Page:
20 lessons over 20 years #12 – Disregard for process

By Allon Raiz

Over the past 20 years, Raizcorp CEO Allon Raiz has learned many tough lessons and overcome many entrepreneurial challenges. He has also had the privilege of learning from the journeys of over 13 000 entrepreneurs who have passed through Raizcorp. In this series of articles, Allon shares 20 of some of the most important lessons he has learned using a sequence that mirrors the typical stages of any entrepreneurial journey – from ideation through to scaling a business.

In business, there is a saying: “Process will set you free.” For entrepreneurs who are whizzing through their days, shooting from the hip and relying on their gift of the gab, this saying feels very far from the truth. Who has time to write process, never mind follow process, when everything is so urgent?

Then you take on your first employee and the issues begin . . .

Someone has to educate the new employee about what they are required to do and to what standard – and that is you. Someone, at some point, has to manage the new employee and the quantity and quality of their output – and that is you. All of which eats into the little amount of time you have available.

The way this commonly unfolds is that you don’t develop training or scorecards. You simply verbally tell the new employee what is expected of them and, if you remember, inform them of the standards they must achieve. Then off you go, whizzing around, until the new employee needs more information, makes a massive mistake or, most likely, is fired for lack of performance.

Now your valuable and limited time is taken up by CCMA hearings and the search for a new employee – and, once you find the new employee, the pattern repeats. You remain in this cycle until you are exhausted or financially drained. This cycle can move through one to two to ten employees!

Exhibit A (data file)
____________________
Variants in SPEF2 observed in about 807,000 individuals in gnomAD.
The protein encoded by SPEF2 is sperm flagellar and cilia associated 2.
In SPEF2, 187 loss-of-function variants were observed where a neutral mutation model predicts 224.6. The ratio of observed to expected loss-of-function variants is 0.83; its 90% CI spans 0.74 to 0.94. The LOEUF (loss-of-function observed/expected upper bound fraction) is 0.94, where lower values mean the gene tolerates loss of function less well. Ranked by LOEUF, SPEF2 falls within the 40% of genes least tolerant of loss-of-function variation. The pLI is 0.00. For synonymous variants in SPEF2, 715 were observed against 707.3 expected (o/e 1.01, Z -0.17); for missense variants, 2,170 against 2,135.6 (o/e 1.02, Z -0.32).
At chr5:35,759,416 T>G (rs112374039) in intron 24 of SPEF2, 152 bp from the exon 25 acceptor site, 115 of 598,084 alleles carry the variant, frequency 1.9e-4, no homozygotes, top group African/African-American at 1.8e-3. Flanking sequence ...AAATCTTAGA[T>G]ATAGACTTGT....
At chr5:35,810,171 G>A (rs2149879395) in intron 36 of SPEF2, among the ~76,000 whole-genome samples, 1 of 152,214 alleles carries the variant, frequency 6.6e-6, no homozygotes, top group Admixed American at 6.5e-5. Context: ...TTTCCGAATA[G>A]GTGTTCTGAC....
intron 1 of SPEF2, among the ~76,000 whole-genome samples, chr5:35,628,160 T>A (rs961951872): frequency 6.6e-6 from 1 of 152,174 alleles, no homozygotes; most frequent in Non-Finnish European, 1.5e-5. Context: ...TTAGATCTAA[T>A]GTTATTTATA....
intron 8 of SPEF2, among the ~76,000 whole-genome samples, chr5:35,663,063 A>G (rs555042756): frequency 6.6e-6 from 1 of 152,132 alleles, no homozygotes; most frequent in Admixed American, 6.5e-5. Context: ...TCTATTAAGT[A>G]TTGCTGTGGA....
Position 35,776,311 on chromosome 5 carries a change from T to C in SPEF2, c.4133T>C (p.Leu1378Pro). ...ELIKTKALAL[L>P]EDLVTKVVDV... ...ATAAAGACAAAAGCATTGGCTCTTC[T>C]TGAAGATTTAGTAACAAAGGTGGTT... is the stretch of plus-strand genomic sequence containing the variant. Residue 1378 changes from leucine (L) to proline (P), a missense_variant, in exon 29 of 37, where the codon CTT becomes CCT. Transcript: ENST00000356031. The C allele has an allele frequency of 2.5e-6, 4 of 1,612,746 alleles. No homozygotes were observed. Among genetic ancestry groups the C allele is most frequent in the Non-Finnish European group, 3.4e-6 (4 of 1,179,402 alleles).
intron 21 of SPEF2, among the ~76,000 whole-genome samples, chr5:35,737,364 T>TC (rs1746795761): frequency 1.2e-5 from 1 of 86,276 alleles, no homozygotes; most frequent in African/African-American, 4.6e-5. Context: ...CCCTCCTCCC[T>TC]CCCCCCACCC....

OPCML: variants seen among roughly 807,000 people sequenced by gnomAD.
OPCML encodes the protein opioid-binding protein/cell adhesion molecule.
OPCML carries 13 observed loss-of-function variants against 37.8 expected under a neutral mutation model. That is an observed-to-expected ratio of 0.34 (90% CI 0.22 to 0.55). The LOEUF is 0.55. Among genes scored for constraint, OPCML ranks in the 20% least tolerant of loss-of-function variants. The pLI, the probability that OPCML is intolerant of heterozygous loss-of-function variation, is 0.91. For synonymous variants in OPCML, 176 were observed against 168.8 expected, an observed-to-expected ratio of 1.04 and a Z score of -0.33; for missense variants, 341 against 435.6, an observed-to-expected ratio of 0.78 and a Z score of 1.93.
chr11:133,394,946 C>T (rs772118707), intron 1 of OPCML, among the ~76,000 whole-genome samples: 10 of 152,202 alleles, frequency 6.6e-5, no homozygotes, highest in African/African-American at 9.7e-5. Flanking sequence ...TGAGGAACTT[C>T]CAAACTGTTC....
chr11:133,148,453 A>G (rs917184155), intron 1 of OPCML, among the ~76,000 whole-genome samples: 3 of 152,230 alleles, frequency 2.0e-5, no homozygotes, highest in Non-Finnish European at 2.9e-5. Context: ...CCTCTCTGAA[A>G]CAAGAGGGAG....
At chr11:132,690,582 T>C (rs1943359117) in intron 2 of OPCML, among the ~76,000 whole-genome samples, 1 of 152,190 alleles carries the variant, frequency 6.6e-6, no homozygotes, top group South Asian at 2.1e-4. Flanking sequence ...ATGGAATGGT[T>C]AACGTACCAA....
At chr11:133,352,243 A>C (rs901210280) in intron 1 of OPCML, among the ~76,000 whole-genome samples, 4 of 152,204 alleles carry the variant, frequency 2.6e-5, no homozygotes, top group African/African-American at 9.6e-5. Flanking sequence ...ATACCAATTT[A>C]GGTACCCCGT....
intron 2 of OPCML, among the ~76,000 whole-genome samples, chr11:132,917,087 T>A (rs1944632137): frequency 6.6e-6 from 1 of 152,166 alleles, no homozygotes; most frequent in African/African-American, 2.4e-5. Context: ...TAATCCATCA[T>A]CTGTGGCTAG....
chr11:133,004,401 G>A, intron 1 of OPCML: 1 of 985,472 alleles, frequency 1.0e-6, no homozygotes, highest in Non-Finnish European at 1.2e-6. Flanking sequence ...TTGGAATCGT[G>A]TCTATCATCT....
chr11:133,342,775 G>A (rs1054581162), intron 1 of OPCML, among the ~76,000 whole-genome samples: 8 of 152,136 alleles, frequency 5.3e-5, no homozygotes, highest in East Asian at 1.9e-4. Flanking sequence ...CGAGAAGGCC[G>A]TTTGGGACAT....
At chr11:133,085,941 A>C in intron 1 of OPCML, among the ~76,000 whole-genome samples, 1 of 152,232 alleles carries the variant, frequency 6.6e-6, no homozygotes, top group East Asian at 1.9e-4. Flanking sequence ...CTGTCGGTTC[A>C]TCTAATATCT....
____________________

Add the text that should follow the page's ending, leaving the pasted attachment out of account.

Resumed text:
An important lesson I have learned is that if you don’t take the time and care to provide new employees with comprehensive training and detailed, documented processes to understand and follow, you will never be able to launch your business out of this repeating cycle. My direct experience working with over 100 businesses over the past 20 years has made it abundantly clear that those businesses that document their processes and manage the quality and quantity of output relative to those processes are the ones that have the highest chance of scaling and succeeding.

Process does indeed set these businesses free to scale, and free to make a profit.

My advice to all entrepreneurs who are starting out is to begin building process and training from day one so they are not overwhelmed by the magnitude of process that must be documented years down the line.

It is important to give a balanced view on process, to understand that for process to be effective, it must be constantly updated to remain relevant. This comes at a cost to the business. There is also a downside to businesses that are over-systemised and that is that the bind of following current and imbedded systems dulls innovative thinking within the business. In these cases, entrepreneurs must be far more deliberate about encouraging innovation. Having said that, though, I would choose a systemised business over a non-systemised business any day. Systemised businesses are easier to run, easier to manage and are far more valuable to potential buyers.